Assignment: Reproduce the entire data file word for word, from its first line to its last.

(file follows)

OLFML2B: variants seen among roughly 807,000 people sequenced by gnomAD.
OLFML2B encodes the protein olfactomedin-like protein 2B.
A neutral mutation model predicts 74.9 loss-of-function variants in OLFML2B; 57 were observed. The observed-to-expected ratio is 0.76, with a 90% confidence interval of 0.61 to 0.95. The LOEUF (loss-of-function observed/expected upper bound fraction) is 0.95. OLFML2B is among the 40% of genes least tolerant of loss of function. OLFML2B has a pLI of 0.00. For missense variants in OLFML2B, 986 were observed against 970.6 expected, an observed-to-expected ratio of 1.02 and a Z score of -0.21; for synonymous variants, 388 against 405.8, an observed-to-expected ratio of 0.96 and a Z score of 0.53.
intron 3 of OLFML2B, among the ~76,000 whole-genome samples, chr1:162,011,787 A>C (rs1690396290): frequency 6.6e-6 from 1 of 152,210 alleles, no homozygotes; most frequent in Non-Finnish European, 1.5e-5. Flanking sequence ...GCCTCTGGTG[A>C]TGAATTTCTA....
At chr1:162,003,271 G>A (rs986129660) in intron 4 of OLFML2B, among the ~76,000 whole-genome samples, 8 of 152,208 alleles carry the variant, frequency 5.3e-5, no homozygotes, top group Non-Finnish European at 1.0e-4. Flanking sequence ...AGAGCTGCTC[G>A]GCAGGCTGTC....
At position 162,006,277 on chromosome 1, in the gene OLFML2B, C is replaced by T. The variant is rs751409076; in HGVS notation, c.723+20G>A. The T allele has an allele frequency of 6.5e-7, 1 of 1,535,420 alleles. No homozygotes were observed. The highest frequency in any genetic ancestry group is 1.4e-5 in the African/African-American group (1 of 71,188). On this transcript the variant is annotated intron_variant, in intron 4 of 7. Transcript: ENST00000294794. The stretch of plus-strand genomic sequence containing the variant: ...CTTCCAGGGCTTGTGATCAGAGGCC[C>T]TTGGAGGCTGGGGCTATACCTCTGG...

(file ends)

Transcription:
OLFML2B: variants seen among roughly 807,000 people sequenced by gnomAD.
OLFML2B encodes the protein olfactomedin-like protein 2B.
A neutral mutation model predicts 74.9 loss-of-function variants in OLFML2B; 57 were observed. The observed-to-expected ratio is 0.76, with a 90% confidence interval of 0.61 to 0.95. The LOEUF (loss-of-function observed/expected upper bound fraction) is 0.95. OLFML2B is among the 40% of genes least tolerant of loss of function. OLFML2B has a pLI of 0.00. For missense variants in OLFML2B, 986 were observed against 970.6 expected, an observed-to-expected ratio of 1.02 and a Z score of -0.21; for synonymous variants, 388 against 405.8, an observed-to-expected ratio of 0.96 and a Z score of 0.53.
intron 3 of OLFML2B, among the ~76,000 whole-genome samples, chr1:162,011,787 A>C (rs1690396290): frequency 6.6e-6 from 1 of 152,210 alleles, no homozygotes; most frequent in Non-Finnish European, 1.5e-5. Flanking sequence ...GCCTCTGGTG[A>C]TGAATTTCTA....
At chr1:162,003,271 G>A (rs986129660) in intron 4 of OLFML2B, among the ~76,000 whole-genome samples, 8 of 152,208 alleles carry the variant, frequency 5.3e-5, no homozygotes, top group Non-Finnish European at 1.0e-4. Flanking sequence ...AGAGCTGCTC[G>A]GCAGGCTGTC....
At position 162,006,277 on chromosome 1, in the gene OLFML2B, C is replaced by T. The variant is rs751409076; in HGVS notation, c.723+20G>A. The T allele has an allele frequency of 6.5e-7, 1 of 1,535,420 alleles. No homozygotes were observed. The highest frequency in any genetic ancestry group is 1.4e-5 in the African/African-American group (1 of 71,188). On this transcript the variant is annotated intron_variant, in intron 4 of 7. Transcript: ENST00000294794. The stretch of plus-strand genomic sequence containing the variant: ...CTTCCAGGGCTTGTGATCAGAGGCC[C>T]TTGGAGGCTGGGGCTATACCTCTGG...